4. Regulators

• Maintain and regulate the back and forth of speaking and listening (turn
taking)

• Tell the other speaker to continue, repeat, elaborate a point, hurry up, etc.

• Most common: head nods and eye behaviour

5. Adaptors

• Most difficult to define; most implicit; most non-intentional.

• Develop in childhood as adaptive efforts to satisfy needs, perform actions,


manage emotion, etc.

• They are often situational and adaptors are not usually meant to
communicate (intentionally).
What is paralanguage?

• Paralanguage includes those sounds made by the human voice…

• …in the process of communicating.

• …that complement the words themselves.

• Ex. Singin in the Rain, dir. Stanley Donen, 1952

− The one character isn’t able to speak in front of the


audience because of her voice (nasally, not educated)

• Language is a finite system of arbitrary symbols

• These symbols can be combined according to rules of grammar…

• …in an almost infinite number of ways

• Language is, therefore, an open system of communication based on the


continuous selection and combination of arbitrary signs.

• Paralanguage is not just an addition to the spoken language.

• It can and often does change the meaning of the words used.

• It is almost impossible to separate language from its paralinguistic


elements.

• Ex. How many ways can we say the sentence: “You’re going to Cuba
during exam week?”
− The variations in how we say what we say is called
prosody
***It is sometimes possible to predict what a person is saying by just hearing the
paralinguistic introduction***
According to Albert Mehrabian:

• 7% of a person’s attitude/emotion is verbally conveyed

• 93% is nonverbally conveyed

• 55% is from facial expressions

• 38% of this is paralanguage

The elements of paralanguage


1. Voice Qualifiers

• How we say the words that we speak:

− Inflection: The rising, falling of flatness of the voice

− Pacing: the speed of the voice

− Intensity: the strength of expression (loud, soft or breathy)

− Tone: whether is the voice is nasally, whining, growling

− Pitch: the changes in the voice from high to low

2. Vocalizations
a) Vocal characterizers

• Laughing, crying, giggling, sobbing, mumbling, moaning, etc.

b) Vocal segregates

• Vocalized pauses such as “um”, “uh”, “oh-oh”; also includes silent pauses.

Pauses

• A pause is a short silence that may be filled or unfilled.

• A pause may be grammatical or not

• A filled pause is when we use a vocal segregate to hold our place.

• A filled pause is often seen to indicate repetitiveness, and, either unclear,


or very complex thought.

• It also indicated anxiety

Paralanguage has a crucial role in our responses to and evaluations of:


Stereotype

• A preconceived and oversimplified idea of the characteristics which typify a


person, situation, etc. (they are easy and simplify the world for us)

• “A stereotype may be so consistently and authoritatively transmitted in each


generation from parent to child that it seems almost like a biological fact.” -- W.
LIPPMAN Public Opinion 1922:93
Personality

• We can recognize individuals by their voice

• The most attractive voices vary their pitch, tone and intensity but avoid extremes

• People with high pitched and soft voices are seen as warm and honest but less
powerful

• In our culture a deep voice is associated with authority sophistication and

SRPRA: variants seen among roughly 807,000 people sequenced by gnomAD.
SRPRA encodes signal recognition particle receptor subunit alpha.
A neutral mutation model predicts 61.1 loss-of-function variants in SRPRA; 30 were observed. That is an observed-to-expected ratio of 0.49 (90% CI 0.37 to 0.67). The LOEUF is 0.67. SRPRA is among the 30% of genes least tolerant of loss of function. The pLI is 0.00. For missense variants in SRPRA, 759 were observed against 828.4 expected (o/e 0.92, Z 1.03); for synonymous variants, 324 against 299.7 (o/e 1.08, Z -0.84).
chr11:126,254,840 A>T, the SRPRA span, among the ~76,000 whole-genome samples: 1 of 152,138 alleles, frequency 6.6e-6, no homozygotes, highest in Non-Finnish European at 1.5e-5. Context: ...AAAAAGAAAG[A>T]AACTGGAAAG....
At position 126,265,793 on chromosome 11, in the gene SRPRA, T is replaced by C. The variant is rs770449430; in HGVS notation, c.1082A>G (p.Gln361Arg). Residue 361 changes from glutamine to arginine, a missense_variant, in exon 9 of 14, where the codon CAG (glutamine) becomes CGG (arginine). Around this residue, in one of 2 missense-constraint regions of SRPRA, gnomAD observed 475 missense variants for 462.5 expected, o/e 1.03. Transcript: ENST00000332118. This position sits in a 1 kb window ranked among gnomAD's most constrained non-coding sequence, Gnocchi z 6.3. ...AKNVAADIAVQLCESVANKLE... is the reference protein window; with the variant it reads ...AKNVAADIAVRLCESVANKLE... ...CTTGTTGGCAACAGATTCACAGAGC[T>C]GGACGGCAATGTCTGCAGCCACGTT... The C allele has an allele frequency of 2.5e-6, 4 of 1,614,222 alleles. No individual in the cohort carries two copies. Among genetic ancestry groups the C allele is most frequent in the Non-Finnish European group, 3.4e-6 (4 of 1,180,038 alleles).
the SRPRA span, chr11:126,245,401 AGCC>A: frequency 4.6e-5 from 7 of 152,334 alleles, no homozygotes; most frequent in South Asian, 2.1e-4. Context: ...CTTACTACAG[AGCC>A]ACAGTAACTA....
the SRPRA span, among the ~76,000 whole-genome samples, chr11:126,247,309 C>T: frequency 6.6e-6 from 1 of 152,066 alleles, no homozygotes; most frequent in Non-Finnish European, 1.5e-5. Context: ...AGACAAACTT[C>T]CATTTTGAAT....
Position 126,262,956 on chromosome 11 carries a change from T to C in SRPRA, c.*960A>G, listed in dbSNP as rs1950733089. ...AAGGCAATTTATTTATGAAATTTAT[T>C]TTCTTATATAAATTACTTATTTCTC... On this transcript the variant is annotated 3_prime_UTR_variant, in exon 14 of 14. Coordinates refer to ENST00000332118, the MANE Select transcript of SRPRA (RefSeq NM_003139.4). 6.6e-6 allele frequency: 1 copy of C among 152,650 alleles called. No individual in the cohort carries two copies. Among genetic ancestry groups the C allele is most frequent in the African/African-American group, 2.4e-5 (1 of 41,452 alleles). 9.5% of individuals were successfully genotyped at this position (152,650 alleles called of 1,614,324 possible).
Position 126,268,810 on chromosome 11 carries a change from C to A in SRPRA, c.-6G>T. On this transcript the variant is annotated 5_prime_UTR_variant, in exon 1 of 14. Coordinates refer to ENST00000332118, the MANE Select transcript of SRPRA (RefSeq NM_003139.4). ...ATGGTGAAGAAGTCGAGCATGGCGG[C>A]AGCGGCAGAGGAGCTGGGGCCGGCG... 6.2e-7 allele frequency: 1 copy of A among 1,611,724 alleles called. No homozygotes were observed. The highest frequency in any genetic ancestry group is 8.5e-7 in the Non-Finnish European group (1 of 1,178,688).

masculinity

• Extroverts VS Introverts

• Extroverts or Type A personalities exhibits more fluency

Fluency is characterized by

• Faster rate of speech

• Louder speech

• More dynamic contrasts

• Shorter pauses between turns

• And fewer hesitation

Sex/Gender

• We easily judge the sex of person based on their voice

• Women speak with a higher pitch than their physiology demands

• Women tend to end statements as if answering a question.

• Pitch changes depending on who is talking to whom.

Target affects

• The use of vocal cues are socially and culturally contextual.

• The way people talking to different people

a) Talking to a baby
b) Talking to a boss, you want him to know you are knowledgeable
c) Talking to parents when you want something from them
d) Talking to a friend you familiar with/unfamiliar with

• We adapt our vocal behaviour to the people we are speaking to.

Group perception
Dialects & accents are judged for their:

• Aesthetic quality:

• Pleasing or displeasing, beautiful or ugly, (immediacy)

• Socio-intellectual status:

• High or low, blue or white collar, rich or poor, literate or illiterate

• Dynamism:

• Aggressive or not aggressive, active or passive, strong or weak.

Emotions

• We are all, more or less capable of reading emotions from vocal cues

• Different people have different levels of confidence

• Some can judge emotions better than other people can

• …and there were wide divergences in the ability of individual judges to accurately
identify an emotion.
Easily read:

• Anger 65%

• Anxiety 54%

• Sadness 49%

• Happiness (43)

More difficult:

• Love 25%

• Fear 25%

• Jealousy 25%

Comprehension
• Uses of variety inflection, volume % pitch combined.

• With clear articulation.

• Adapts the volume and rate to the audience’s responses.

• Avoid excessive “in-fluences.”

Persuasion

• Fluent non-hesitant speech

• Shorter pauses when changing subjects

• More pitch variation

• Louder voice

• Faster speech

July 14, 2015


“Face to Face”

• Part 1 of the Human Face makes an evolutionary argument about the social
function of facial expression and other nonverbal communication.

• What is that argument and is it consistent with all of the information provided?

• Film: Face To Face

The Possible Origins of Nonverbal Behaviour

• Nature or Nurture?

Phylogeny & Ontogeny


Phylogeny: human nature you born with

• The roots of nonverbal behaviour in human evolutionary history

• innate, instinctive, genetic

Ontogeny: developed after born

• The roots of nonverbal behaviour in our lifetime